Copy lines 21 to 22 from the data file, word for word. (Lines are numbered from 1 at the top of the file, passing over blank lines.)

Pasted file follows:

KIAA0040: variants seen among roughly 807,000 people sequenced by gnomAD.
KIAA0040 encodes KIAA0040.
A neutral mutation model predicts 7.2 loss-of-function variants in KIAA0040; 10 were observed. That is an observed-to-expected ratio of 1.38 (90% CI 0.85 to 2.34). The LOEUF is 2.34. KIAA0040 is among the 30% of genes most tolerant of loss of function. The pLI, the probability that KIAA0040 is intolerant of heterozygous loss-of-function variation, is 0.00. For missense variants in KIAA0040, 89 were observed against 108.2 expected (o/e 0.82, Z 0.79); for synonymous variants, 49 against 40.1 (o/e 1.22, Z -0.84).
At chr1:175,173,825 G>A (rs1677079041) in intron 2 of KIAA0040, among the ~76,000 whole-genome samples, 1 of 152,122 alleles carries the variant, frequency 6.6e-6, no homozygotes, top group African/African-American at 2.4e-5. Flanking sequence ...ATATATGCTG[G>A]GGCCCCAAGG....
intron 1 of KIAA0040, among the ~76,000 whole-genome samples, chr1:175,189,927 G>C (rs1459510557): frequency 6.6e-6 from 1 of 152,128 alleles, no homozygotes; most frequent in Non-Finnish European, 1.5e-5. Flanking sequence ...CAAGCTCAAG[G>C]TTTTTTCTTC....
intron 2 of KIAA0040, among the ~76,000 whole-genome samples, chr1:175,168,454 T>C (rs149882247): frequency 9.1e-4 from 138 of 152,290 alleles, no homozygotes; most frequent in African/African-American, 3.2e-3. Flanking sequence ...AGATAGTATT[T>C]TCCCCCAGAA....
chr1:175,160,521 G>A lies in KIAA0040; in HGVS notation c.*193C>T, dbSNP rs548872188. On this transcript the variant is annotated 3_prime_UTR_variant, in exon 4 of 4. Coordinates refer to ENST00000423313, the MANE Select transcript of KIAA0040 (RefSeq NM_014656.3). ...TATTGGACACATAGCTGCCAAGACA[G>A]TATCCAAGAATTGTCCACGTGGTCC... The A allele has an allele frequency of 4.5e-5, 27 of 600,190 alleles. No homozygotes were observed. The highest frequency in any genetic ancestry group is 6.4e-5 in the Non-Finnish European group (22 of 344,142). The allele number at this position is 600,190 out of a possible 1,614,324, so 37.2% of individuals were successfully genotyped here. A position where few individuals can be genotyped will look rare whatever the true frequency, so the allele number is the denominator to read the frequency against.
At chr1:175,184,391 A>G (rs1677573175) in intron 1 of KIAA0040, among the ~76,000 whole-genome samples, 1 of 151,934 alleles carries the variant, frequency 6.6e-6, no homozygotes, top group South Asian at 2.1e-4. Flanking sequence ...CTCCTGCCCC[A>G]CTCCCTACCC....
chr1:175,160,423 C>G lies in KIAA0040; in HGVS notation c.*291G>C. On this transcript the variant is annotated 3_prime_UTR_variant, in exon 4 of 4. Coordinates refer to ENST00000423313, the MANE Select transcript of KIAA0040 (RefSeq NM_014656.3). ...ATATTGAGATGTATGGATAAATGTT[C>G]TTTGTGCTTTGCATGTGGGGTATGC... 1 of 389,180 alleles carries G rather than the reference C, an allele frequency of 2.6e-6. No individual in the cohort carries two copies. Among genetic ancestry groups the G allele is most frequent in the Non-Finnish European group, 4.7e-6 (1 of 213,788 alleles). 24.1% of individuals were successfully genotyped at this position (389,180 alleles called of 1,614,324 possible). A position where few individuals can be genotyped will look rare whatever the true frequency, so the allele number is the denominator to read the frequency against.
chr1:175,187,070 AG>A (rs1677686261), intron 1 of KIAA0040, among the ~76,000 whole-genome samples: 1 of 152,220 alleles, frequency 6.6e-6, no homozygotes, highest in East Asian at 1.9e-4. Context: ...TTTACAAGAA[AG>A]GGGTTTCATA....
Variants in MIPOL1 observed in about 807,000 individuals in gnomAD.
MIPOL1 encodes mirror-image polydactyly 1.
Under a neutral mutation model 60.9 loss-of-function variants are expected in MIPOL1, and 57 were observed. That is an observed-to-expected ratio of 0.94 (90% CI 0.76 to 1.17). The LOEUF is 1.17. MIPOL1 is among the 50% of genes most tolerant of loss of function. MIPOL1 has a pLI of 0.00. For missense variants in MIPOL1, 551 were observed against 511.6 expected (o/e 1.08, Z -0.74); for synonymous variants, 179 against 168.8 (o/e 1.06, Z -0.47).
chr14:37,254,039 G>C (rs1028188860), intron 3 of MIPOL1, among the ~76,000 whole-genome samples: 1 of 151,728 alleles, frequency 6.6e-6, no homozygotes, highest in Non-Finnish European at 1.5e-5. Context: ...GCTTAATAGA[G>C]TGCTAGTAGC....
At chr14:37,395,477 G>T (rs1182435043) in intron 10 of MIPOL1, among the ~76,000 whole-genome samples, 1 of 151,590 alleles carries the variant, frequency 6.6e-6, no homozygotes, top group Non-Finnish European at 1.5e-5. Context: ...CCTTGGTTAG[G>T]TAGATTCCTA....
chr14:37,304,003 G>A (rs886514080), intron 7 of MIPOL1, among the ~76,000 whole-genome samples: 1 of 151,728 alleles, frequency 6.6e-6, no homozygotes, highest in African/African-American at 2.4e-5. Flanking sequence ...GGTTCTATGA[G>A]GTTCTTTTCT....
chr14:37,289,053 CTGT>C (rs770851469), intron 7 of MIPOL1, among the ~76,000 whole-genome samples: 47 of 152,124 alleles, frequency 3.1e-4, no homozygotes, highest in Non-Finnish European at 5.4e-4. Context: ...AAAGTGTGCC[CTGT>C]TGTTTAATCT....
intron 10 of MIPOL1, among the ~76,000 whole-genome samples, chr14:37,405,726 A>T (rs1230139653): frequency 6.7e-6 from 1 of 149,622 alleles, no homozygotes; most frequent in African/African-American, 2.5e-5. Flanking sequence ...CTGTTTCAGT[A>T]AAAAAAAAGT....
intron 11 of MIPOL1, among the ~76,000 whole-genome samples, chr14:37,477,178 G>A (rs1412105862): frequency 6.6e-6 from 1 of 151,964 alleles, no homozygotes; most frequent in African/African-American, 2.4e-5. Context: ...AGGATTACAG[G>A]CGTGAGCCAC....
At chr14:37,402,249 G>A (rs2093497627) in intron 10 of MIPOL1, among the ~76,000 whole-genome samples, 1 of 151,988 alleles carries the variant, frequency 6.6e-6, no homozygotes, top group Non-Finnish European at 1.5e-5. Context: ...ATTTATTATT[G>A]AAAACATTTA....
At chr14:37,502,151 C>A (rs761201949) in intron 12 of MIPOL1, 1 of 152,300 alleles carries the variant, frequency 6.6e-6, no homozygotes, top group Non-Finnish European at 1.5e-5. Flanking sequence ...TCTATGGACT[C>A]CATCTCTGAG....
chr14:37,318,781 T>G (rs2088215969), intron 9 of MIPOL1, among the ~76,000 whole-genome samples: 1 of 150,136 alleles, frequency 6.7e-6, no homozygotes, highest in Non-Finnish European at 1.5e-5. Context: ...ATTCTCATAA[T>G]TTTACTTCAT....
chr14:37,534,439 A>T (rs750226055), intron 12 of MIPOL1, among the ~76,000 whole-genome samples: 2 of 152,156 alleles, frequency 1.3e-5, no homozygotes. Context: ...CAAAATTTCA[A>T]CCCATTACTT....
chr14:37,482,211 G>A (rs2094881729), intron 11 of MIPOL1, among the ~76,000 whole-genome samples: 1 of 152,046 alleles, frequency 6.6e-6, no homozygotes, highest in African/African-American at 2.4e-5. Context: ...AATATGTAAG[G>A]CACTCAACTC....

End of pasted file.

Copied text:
At chr14:37,502,151 C>A (rs761201949) in intron 12 of MIPOL1, 1 of 152,300 alleles carries the variant, frequency 6.6e-6, no homozygotes, top group Non-Finnish European at 1.5e-5. Flanking sequence ...TCTATGGACT[C>A]CATCTCTGAG....
chr14:37,318,781 T>G (rs2088215969), intron 9 of MIPOL1, among the ~76,000 whole-genome samples: 1 of 150,136 alleles, frequency 6.7e-6, no homozygotes, highest in Non-Finnish European at 1.5e-5. Context: ...ATTCTCATAA[T>G]TTTACTTCAT....